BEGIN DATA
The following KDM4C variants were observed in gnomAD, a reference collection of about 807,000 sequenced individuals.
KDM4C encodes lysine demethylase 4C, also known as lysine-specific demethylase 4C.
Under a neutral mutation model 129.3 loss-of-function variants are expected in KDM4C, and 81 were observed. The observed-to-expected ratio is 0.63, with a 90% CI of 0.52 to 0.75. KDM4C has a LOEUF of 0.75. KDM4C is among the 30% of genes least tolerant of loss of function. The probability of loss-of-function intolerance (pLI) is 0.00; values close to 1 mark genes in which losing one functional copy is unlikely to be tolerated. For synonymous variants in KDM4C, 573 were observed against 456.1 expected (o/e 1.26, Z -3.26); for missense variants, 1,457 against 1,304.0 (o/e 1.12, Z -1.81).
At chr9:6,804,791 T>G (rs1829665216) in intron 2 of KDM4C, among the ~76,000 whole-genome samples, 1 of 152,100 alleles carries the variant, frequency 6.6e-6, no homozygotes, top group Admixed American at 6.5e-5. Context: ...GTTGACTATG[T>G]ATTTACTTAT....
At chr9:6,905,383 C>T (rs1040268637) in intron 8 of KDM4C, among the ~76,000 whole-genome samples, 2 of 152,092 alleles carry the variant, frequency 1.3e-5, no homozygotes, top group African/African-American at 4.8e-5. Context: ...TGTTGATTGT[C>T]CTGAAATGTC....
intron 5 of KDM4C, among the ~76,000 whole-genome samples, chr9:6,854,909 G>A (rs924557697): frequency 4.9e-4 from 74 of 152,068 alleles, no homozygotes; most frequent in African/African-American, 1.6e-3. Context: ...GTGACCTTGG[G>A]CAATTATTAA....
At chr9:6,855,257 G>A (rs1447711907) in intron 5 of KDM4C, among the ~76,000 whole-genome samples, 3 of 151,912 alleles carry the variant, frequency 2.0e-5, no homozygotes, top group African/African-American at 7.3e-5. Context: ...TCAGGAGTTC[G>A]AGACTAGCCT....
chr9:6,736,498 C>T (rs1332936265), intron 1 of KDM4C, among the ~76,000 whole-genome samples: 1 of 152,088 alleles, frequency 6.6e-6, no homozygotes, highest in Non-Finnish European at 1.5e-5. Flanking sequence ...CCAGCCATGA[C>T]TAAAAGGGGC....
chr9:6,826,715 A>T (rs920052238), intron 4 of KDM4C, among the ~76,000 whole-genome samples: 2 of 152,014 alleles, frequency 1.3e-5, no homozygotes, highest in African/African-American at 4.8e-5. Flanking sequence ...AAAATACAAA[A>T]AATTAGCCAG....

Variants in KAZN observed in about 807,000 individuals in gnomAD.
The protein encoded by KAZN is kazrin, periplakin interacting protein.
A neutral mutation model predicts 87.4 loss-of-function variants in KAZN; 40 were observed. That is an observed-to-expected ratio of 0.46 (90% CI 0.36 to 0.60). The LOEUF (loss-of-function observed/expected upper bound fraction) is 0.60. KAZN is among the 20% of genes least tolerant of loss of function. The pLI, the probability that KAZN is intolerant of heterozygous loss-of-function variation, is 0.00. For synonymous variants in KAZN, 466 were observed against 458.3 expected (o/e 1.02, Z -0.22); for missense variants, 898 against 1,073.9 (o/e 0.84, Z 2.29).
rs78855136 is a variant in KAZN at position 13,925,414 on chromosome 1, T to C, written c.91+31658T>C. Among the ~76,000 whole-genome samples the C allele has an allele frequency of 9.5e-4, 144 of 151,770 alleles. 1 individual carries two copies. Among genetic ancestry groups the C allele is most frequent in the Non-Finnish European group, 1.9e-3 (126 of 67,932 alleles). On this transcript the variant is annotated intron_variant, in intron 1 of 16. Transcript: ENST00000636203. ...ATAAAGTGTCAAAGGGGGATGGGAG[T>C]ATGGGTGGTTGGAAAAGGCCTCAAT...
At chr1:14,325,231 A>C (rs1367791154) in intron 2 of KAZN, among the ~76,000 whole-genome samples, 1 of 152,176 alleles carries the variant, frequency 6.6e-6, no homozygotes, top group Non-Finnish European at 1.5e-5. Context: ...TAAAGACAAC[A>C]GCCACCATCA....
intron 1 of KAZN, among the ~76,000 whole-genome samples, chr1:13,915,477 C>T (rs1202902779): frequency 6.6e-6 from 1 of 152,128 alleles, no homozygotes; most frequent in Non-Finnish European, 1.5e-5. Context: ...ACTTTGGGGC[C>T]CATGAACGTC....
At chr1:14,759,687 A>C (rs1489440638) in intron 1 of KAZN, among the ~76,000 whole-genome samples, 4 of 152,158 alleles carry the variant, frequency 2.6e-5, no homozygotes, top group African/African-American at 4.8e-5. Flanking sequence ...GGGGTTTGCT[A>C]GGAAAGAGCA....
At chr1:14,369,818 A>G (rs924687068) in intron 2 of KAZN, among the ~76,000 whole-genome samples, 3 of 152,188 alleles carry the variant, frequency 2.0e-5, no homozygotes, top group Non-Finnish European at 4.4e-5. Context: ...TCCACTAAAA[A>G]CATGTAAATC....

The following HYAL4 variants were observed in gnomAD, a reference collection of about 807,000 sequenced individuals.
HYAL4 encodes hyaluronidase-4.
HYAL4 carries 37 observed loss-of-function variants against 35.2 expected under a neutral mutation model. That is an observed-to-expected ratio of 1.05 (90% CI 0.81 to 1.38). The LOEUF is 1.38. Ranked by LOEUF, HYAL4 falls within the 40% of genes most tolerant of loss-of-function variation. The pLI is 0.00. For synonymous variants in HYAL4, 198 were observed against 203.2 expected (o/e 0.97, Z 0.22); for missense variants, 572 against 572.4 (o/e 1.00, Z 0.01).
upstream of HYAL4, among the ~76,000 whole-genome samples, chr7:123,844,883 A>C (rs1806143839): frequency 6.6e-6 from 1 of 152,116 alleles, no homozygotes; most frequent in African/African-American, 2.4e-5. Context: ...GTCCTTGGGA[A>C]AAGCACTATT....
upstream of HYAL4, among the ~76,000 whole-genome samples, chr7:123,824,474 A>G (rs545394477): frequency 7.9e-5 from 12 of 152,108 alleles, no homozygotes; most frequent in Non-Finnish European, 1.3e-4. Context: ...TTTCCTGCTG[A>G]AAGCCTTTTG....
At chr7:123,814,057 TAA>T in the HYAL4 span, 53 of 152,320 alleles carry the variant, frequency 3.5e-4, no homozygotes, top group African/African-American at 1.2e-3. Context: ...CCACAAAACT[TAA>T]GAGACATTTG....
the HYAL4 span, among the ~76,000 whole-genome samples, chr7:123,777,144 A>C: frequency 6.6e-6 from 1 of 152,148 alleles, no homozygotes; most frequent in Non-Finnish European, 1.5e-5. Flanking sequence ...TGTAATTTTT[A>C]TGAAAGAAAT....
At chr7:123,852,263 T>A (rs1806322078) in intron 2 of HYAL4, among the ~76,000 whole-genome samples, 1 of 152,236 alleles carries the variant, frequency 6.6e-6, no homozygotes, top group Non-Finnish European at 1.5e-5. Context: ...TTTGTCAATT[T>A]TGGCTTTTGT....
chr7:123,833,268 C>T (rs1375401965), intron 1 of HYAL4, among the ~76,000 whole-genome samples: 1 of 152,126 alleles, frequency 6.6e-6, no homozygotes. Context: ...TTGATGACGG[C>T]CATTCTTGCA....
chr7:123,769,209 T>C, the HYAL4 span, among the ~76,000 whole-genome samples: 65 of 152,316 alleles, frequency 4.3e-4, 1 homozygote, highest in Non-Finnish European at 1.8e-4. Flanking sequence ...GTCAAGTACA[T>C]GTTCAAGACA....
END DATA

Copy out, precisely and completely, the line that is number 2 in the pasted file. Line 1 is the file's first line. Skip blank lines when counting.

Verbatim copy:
KDM4C encodes lysine demethylase 4C, also known as lysine-specific demethylase 4C.